When you make and/or sell wine for a living, you accept the fact that you most likely will need to submit your products to wine publications, competitions, newspapers and bloggers for review. You don’t have to submit your wines to these entities. There is no statutory law that says you have to submit your wines for review. There is a much larger law at work…the LAW OF THE MARKET.Read More
There are events that happen, that make me stop and think in broader terms than business or the wine industry. The news of Muhammad Ali’s death was one of those events.
The passing of Muhammad Ali marks time for anyone who grew up in the 60’s and the 70’s. Time moves so fast, life goes on and sometimes it takes the passing of an icon to slow a person down and put life into perspective.
I was too young to remember Ali’s fights with Sonny Liston, his conversion to Islam, his conscientious objection to the draft or the stripping of his title which cost him four years in the prime of his career. I do remember his return fight against Joe Frazier. The hype for the fight started long before the March 8, 1971 fight date. It was the first large sporting event I remember making an impression on me.
In the 70’s there was a sports program on ABC called “Wide World Of Sports”. At the time, it was the gold standard in sports reporting. It also was where most of the boxing analysis on TV took place. This is where I first remember seeing Ali. He was loud, boisterous, contentious, funny and verbally combative with opponents and TV hosts. He was about as far away from the standard athlete of the day as you could be. To be honest, as a 12 year old boy raised in an environment where professional athletes were expected to be grateful they were paid to play a game, Muhammad Ali was not the boxer my family rooted for. We were happy when Joe Frazier won that fight on March 8, 1971.
As the world and I learned over the next five decades, Ali was so much more than the loud mouth athlete that swam against the conventional tide. He wasn’t perfect, and I don’t think ever professed to be. However, he was unquestionably committed to his beliefs, even if those beliefs were unpopular and ultimately cost him such a large part of his career. How many professional athletes, or anyone else for that matter, would take those stands today? We would be hard pressed to find one.
Over those five decades, Ali won over all his critics. His beliefs became the mainstream, not the outlier. He arguably became the single most beloved human in the world. He helped change America for the better, as almost all historical figures ultimately do if they are on the right side of history.
Let’s hope someday our political leaders will have the courage to risk paying the price that Ali was willing to pay, and do the right things for our country. America has changed substantially since I was that 12 year old boy, and it will continue to change. Disagreement and dissent are part of our history and will be part of our future. This is the “uncomfortable” reality of our Republic.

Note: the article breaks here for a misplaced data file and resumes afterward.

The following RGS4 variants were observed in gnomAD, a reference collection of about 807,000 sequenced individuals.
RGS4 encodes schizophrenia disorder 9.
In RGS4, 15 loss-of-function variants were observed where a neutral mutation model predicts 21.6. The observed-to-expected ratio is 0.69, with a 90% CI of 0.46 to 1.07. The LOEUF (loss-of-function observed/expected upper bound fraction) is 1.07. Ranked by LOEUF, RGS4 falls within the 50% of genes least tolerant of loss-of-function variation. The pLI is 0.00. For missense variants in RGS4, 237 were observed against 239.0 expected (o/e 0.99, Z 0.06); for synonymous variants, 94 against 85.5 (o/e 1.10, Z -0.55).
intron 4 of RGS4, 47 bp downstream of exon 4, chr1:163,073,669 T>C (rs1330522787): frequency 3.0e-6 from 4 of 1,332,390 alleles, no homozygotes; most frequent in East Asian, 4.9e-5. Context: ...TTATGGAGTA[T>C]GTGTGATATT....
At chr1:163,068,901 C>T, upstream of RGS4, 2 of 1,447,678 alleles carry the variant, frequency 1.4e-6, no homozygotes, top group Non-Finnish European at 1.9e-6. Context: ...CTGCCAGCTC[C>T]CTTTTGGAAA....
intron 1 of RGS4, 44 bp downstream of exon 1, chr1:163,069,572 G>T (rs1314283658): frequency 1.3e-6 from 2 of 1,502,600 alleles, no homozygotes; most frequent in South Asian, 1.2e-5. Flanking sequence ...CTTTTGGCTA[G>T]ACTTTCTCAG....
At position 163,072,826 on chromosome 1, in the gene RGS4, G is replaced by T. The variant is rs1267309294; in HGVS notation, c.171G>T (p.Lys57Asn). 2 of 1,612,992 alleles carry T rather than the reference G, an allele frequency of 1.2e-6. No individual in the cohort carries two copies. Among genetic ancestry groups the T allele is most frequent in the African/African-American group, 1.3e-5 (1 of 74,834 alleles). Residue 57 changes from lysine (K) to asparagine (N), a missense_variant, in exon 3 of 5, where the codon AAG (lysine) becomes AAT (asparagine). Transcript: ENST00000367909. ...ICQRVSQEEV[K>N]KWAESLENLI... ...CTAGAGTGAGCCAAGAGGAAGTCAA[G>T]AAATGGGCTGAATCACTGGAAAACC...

Let’s hope that all points of view will be presented without having to have a safe zone, i.e. a fantasy land, where no one disagrees or says things that are contradictory, hurtful or in some case filled with venom. If you have a strong point of view, you will encounter equally strong opposing points of view.
Ali presented and lived his point of view. Eventually the world loved him for it. There is a lesson in there from an American from Louisville, KY who had a unique athletic talent, only dwarfed by his unique talents as a human being. He eventually converted a 12 year old boy and his family into fans, along with the rest of the world.
I have often wondered why wine isn’t as fun as spirits and beer. For example, let’s compare the advertising for spirits and beer to wine (if you can find any advertising for wine). If you watch TV, read or attend events you will find spirits and beer advertising portraying pool parties, football/basketball/baseball games, bonfires on the beach, big houses, “keggers”, vacations, Jägermeister girls, Jello shots, Rat Pack, Moscow Mules, music festivals, happy hour…and on and on and on.
If you travel around the U.S. enough, everything starts to look the same: same stores, restaurants and hotels. Same everything. You could call it the McDonalds/Starbucks effect. Sure, it can be comforting to have a familiar store to shop at while traveling, but my travels afford me a bit of a different perspective.Read More
Have you ever been to a dinner at a restaurant and seen the terror in people’s eyes when the wine list comes to the table? You would have thought someone put the proverbial “elephant in the room” on the table the way people try to avoid having to pick up the list.Read More